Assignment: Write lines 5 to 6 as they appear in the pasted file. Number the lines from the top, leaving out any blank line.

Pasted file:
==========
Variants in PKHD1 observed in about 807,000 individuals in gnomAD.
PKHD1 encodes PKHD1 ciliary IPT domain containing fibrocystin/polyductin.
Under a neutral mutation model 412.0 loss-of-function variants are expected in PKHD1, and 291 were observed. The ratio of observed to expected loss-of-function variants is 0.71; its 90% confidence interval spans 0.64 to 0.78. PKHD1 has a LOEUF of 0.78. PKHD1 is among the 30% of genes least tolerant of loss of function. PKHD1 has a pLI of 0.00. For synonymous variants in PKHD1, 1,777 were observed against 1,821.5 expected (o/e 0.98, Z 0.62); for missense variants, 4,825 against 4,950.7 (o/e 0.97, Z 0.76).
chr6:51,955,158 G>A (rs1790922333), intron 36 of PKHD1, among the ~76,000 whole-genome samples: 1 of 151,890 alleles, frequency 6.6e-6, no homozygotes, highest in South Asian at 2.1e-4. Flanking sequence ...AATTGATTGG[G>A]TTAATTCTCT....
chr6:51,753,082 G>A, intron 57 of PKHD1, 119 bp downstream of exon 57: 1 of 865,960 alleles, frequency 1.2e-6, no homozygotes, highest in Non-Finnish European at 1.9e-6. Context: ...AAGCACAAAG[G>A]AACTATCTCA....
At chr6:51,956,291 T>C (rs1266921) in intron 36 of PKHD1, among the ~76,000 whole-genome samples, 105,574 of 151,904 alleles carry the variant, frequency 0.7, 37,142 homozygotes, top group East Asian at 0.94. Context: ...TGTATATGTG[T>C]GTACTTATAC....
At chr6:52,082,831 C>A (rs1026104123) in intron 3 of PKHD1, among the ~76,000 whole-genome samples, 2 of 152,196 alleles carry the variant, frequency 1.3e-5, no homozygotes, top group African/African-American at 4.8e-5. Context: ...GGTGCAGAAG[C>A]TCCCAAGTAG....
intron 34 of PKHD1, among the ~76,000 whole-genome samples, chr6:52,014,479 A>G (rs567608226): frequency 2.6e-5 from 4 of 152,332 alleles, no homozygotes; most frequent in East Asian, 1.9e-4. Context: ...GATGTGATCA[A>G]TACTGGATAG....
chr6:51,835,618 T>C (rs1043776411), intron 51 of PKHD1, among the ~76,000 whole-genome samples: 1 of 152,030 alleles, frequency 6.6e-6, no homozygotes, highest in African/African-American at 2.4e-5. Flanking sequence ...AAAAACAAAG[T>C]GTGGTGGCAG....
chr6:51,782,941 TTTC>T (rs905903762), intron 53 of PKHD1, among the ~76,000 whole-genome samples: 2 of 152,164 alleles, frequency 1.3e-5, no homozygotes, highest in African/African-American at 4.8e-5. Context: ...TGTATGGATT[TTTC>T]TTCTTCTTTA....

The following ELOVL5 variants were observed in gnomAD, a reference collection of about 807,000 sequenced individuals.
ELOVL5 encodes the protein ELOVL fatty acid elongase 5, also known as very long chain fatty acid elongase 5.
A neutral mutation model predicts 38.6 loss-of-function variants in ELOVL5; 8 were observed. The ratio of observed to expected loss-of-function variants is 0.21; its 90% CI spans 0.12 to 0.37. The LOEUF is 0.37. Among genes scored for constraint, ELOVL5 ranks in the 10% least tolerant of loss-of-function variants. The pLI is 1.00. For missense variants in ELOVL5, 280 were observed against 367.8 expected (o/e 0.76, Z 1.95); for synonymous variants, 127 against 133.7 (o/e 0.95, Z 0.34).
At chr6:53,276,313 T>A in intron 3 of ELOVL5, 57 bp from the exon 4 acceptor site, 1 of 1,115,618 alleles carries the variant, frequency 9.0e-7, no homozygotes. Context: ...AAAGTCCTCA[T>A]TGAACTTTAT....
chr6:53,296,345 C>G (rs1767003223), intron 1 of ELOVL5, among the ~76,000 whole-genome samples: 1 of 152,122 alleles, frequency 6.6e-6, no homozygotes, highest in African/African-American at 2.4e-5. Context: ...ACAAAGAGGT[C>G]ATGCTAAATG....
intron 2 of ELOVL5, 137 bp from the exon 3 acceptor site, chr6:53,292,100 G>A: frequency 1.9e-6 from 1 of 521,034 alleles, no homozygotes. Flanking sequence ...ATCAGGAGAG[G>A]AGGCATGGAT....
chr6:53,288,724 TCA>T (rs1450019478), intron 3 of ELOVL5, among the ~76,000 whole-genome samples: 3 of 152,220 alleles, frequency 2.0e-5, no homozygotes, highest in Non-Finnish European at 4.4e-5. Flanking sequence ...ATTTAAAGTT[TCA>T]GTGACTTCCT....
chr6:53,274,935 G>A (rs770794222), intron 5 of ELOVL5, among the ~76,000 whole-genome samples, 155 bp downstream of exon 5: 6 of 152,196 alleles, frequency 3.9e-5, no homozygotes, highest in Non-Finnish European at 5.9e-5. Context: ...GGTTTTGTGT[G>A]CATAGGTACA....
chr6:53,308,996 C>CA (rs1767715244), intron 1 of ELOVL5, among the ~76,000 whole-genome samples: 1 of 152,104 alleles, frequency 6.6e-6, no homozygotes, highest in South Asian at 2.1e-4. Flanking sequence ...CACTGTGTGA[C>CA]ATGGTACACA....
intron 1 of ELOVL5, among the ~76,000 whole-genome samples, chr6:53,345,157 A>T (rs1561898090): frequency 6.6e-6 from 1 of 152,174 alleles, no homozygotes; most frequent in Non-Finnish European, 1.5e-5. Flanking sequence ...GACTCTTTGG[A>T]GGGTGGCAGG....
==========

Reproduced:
chr6:51,753,082 G>A, intron 57 of PKHD1, 119 bp downstream of exon 57: 1 of 865,960 alleles, frequency 1.2e-6, no homozygotes, highest in Non-Finnish European at 1.9e-6. Context: ...AAGCACAAAG[G>A]AACTATCTCA....
At chr6:51,956,291 T>C (rs1266921) in intron 36 of PKHD1, among the ~76,000 whole-genome samples, 105,574 of 151,904 alleles carry the variant, frequency 0.7, 37,142 homozygotes, top group East Asian at 0.94. Context: ...TGTATATGTG[T>C]GTACTTATAC....